On Resilience: What 12 Months Of Rejection Taught Me


2012 was the year of rejection for me.

For the first time in my life I pursued opportunity after opportunity to no avail. Some pursuits resulted in near successes such as final interviews with executive leadership before being turned away, while others were a fail from the very first phone interview. There were times when I recognized that I'd made a professional mistake of some sort (we live and we learn) and there were times I thought I'd hit the ball out the park.

I knew I'd have a hard time finding a new job when I quit my first nonprofit job that April, but because of that experience I was particularly determined to make sure my next move was the right one. So all of these opportunities were ones I had pursued intentionally, aggressively and strategically. And yet time after time I experienced the pain of rejection only felt when you work hard for something that seems so perfectly suited for you.

I then did what any twenty-something with the privilege of temporarily living rent-free with family would do: travel. Between September and October of 2012 I went to Miami, San Francisco, Puerto Rico and Brazil. If I couldn't figure my life out then I might as well enjoy the present moment as best I knew how.

When the Fear Sets In

Fast forward to 2013. When I submitted my application to five MBA programs in January I feel like the entire universe knew Stanford was my dream school. My 2012 vision board was practically a shrine to the program. It felt right, and so it had to be right…

But my experiences the previous year led to severe anxiety throughout the application processs that led me to fear even the possibility of rejection from my dream school. I thought I'd be devastated.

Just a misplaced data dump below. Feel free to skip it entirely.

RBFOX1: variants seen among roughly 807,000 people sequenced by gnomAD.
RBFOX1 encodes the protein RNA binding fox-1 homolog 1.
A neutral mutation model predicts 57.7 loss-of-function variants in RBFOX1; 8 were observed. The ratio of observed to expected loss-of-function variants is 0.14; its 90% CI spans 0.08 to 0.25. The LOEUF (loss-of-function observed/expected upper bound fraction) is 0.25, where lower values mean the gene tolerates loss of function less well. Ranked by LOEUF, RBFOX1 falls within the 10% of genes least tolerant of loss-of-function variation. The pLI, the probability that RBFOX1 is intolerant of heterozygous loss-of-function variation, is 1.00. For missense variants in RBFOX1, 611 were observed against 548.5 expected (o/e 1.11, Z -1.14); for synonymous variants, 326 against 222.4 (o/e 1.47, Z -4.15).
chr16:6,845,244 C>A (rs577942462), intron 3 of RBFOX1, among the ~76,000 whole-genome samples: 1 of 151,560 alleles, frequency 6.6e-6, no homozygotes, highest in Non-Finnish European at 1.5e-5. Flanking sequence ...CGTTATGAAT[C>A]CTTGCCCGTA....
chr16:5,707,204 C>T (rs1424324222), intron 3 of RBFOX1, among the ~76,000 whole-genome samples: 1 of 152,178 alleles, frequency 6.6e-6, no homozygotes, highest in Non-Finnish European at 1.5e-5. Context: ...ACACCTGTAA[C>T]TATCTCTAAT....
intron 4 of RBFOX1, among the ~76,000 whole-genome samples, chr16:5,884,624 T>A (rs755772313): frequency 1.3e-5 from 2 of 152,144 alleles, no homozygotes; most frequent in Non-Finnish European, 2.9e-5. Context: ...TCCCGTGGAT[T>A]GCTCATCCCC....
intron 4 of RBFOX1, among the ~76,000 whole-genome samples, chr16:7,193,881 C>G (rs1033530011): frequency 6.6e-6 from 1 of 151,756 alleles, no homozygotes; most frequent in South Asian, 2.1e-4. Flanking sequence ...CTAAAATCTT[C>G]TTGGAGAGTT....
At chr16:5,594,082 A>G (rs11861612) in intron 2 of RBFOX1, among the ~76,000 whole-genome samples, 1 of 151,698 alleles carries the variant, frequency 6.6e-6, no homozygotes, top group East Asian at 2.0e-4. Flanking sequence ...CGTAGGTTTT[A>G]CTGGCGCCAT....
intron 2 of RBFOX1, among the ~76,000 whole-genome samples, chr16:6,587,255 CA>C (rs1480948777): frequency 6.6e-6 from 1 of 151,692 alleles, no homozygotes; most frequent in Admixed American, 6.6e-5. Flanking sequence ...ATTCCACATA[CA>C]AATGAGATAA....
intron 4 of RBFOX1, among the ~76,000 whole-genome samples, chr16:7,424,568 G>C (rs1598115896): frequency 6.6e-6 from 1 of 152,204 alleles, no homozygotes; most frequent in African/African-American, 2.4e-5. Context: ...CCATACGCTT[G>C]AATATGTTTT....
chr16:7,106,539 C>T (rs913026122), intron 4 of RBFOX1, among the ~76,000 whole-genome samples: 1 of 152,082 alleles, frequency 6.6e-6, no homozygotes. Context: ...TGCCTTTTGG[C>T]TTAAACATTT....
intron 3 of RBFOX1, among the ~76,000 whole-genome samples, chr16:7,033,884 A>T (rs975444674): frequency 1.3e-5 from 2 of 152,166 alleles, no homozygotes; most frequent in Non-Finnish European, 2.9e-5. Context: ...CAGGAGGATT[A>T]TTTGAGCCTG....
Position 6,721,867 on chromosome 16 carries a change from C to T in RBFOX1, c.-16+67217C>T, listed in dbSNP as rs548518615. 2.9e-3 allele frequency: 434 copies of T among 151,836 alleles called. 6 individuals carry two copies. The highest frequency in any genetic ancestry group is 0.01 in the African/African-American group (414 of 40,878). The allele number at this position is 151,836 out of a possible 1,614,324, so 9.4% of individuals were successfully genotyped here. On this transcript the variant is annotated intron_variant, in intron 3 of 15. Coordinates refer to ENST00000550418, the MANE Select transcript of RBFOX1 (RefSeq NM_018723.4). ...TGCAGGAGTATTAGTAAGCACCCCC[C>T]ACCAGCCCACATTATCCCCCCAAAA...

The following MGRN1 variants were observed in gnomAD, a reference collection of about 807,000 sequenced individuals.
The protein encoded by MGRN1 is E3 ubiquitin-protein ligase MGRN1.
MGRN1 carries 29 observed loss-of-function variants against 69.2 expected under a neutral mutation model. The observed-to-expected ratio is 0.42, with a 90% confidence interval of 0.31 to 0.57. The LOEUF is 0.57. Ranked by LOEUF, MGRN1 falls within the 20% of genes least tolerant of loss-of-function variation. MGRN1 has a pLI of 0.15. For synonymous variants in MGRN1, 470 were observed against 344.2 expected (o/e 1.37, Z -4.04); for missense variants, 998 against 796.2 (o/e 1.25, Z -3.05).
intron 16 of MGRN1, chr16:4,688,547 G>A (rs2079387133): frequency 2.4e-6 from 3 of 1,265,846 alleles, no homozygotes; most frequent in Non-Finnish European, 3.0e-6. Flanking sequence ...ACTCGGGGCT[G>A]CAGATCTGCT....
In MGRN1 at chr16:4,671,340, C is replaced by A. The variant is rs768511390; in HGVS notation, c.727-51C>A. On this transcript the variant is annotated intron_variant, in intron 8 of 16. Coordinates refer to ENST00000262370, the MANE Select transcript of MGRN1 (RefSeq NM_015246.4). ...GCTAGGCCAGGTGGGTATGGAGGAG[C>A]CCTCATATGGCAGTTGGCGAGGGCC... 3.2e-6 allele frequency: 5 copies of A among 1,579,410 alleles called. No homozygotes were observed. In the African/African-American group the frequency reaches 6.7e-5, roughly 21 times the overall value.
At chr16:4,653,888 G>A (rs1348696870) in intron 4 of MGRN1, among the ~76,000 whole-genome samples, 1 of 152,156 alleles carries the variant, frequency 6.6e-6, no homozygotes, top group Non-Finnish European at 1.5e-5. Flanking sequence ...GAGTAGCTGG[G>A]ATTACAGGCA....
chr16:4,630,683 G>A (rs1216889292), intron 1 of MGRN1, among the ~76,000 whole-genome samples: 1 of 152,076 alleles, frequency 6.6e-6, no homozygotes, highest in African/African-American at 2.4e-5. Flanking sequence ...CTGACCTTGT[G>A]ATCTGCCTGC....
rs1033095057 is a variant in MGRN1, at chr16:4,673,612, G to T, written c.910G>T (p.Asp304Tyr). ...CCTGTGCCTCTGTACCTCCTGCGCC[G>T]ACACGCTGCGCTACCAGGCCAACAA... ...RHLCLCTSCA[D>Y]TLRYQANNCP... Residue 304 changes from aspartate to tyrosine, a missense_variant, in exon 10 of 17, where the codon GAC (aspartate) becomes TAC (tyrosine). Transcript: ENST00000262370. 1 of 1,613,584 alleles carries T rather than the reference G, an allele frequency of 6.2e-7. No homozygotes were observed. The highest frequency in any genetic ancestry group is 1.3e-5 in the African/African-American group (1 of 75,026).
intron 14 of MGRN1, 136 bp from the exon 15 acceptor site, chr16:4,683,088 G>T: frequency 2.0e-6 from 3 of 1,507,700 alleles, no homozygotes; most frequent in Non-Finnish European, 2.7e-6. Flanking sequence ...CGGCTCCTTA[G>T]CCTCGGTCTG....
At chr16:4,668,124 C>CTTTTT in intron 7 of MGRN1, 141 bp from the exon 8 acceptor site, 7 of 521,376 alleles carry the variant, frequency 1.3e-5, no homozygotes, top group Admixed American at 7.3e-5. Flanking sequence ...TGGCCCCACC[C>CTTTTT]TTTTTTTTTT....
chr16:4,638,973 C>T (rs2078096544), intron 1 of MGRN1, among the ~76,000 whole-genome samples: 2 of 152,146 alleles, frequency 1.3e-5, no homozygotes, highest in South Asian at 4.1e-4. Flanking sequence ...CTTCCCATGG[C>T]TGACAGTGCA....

The realization of the possibility of rejection grew more and more obvious as the admissions decision date approached in March and I'd yet to be contacted for an interview. Slowly I began bracing myself for the bash both to my self-esteem from internalizing not being viewed as a strong candidate and to my ego from the embarrassment of this '"failure" being so public.

But life moves on, and I've surprisingly felt content about giving it my best shot. I'm a firm believer that everything happens for a reason, and while I'd like to believe that this was a mistake on Stanford's part. (Are y'all reading this? Because I'm still willing to accept your offer!) I also recognize that's not how life works. Again, life lessons from 2012.

As I sit here  writing this on a plane headed to San Francisco to visit one of the schools that did accept me, I'm grateful that I have the "rockstar dilemma" - as a dear StartingBloc friend of mine refers to it - of choosing between two top MBA programs, both of which have offered me substantial scholarships.

Finding the Beauty in Rejection

The last year has taught me several things. One, rejection sucks. Let's just keep it real here. That's probably obvious, though, coming from a woman who has either been pursued or successfully achieved whatever major goal she set out to achieve.

Two, I'm far more resilient than I ever recognized. In an awesome exchange with my father last summer - probably without him realizing how much I needed to hear it - he reminded me of my resilient nature. I'd been smooth sailing in my professional life for such a long time that I had forgotten how many times in life I've faced obstacles, taken a moment to gather myself, brushed myself off, whipped my hair a la Willow Smith and kept it moving. There's nothing like rejection to forever burn that reminder into your brain.

Third, there's no shame in rejection. At least there shouldn't be. We all experience it at some point and whatever shame we experience is more often than not self-induced. I'm learning to be nicer to myself one day at a time - much with the help of family, friends and mentors who tirelessly support me.

Last, rejection is a part of life. I'm sure Stanford won't be the last rejection I experience no matter how much I wish that were the case. Building resilience, thus, is an ongoing process. That's not too bad of a trade-off when you really think about it.

Don't let fear make you forget that.

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